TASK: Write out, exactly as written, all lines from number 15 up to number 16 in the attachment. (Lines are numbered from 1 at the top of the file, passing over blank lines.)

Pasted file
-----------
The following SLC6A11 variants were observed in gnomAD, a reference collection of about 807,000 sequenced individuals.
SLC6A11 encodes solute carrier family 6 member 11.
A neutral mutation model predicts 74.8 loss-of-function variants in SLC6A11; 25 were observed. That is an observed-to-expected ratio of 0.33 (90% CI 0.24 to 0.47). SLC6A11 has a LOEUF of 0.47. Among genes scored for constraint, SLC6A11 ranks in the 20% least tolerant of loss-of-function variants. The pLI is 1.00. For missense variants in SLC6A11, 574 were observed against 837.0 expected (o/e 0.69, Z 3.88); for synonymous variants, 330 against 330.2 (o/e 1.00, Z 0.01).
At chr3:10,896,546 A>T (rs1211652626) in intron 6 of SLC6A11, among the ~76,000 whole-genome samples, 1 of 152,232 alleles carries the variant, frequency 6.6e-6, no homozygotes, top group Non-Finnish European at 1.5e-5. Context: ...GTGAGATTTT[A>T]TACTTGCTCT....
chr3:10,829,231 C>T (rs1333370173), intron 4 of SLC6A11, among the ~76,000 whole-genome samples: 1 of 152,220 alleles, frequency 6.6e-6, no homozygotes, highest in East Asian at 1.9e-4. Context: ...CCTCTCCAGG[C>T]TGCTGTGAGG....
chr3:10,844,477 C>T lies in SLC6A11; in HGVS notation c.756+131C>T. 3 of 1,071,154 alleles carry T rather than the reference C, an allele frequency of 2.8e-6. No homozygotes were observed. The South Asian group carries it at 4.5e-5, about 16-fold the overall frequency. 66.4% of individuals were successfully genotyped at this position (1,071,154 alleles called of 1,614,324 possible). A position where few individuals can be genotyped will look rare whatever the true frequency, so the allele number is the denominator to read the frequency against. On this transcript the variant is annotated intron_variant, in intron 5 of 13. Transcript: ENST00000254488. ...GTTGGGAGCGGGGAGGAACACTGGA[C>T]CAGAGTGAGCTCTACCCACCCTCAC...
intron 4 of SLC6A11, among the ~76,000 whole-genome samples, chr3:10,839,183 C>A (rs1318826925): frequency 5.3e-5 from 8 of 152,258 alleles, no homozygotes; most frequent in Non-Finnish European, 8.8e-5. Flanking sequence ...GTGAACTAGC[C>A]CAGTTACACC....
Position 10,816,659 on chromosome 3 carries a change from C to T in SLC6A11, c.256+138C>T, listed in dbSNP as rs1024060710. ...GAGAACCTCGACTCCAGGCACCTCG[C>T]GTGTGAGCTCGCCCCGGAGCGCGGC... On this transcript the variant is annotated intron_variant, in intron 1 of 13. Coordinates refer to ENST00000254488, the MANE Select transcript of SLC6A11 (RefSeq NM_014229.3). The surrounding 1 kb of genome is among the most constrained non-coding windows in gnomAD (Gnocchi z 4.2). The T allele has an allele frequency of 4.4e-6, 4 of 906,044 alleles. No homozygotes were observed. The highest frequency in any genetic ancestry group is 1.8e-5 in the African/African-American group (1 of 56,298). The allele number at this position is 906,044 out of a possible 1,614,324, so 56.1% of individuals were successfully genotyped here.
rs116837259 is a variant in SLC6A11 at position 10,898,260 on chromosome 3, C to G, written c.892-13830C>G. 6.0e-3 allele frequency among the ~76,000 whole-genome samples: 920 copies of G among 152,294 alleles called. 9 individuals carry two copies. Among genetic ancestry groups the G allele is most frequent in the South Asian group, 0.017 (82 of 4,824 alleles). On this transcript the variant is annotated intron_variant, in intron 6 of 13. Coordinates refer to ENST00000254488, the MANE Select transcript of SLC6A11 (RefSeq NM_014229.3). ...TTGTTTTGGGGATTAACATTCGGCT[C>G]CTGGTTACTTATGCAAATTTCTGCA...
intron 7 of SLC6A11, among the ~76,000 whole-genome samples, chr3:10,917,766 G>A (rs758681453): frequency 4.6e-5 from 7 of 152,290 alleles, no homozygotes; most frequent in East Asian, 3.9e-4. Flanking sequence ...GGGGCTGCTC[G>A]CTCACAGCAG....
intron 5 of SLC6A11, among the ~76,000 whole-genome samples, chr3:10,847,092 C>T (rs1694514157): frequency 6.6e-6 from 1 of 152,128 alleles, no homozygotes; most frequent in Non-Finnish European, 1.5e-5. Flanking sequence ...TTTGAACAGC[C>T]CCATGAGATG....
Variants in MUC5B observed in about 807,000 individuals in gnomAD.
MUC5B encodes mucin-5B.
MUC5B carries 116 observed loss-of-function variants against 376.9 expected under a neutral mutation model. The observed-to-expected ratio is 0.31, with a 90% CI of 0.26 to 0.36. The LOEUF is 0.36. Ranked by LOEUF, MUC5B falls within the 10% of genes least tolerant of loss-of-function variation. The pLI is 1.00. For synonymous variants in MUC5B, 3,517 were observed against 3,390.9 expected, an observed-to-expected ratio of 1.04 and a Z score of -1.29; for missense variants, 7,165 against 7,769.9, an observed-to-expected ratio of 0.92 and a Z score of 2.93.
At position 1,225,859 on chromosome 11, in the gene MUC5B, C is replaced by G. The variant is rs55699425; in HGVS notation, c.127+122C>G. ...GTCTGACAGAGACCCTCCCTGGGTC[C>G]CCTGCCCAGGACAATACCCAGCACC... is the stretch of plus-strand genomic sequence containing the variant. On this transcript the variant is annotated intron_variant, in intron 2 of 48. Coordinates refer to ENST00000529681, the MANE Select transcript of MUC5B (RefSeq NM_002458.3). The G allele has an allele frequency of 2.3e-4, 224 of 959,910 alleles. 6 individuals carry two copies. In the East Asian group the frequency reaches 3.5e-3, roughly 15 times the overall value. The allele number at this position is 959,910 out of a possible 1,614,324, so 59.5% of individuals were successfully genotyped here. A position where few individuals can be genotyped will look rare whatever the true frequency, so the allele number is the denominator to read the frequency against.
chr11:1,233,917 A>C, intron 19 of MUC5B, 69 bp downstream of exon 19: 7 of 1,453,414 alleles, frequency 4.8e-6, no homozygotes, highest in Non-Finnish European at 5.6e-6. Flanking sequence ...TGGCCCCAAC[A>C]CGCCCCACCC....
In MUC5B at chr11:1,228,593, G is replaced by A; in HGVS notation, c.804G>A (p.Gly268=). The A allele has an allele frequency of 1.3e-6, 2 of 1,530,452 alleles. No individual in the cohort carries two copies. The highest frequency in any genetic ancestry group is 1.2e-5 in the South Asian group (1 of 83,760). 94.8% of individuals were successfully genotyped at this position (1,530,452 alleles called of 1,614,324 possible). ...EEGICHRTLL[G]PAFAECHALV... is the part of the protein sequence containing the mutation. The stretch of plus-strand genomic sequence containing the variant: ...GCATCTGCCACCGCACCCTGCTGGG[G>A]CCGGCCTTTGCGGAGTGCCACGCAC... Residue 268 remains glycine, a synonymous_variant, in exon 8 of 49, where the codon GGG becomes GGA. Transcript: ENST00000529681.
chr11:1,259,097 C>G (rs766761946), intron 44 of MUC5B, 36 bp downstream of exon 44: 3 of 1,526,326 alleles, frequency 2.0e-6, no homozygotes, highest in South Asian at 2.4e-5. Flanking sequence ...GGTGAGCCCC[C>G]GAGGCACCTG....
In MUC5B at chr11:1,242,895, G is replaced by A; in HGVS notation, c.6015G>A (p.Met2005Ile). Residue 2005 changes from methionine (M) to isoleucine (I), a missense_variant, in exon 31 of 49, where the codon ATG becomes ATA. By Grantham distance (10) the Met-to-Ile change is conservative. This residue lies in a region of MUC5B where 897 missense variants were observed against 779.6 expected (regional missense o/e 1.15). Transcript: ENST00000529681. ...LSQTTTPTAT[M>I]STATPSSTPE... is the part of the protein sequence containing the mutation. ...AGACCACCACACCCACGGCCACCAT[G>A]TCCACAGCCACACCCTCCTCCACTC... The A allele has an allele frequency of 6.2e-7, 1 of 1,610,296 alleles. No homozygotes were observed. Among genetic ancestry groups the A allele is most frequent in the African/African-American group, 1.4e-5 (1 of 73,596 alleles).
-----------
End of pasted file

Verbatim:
At position 1,225,859 on chromosome 11, in the gene MUC5B, C is replaced by G. The variant is rs55699425; in HGVS notation, c.127+122C>G. ...GTCTGACAGAGACCCTCCCTGGGTC[C>G]CCTGCCCAGGACAATACCCAGCACC... is the stretch of plus-strand genomic sequence containing the variant. On this transcript the variant is annotated intron_variant, in intron 2 of 48. Coordinates refer to ENST00000529681, the MANE Select transcript of MUC5B (RefSeq NM_002458.3). The G allele has an allele frequency of 2.3e-4, 224 of 959,910 alleles. 6 individuals carry two copies. In the East Asian group the frequency reaches 3.5e-3, roughly 15 times the overall value. The allele number at this position is 959,910 out of a possible 1,614,324, so 59.5% of individuals were successfully genotyped here. A position where few individuals can be genotyped will look rare whatever the true frequency, so the allele number is the denominator to read the frequency against.
chr11:1,233,917 A>C, intron 19 of MUC5B, 69 bp downstream of exon 19: 7 of 1,453,414 alleles, frequency 4.8e-6, no homozygotes, highest in Non-Finnish European at 5.6e-6. Flanking sequence ...TGGCCCCAAC[A>C]CGCCCCACCC....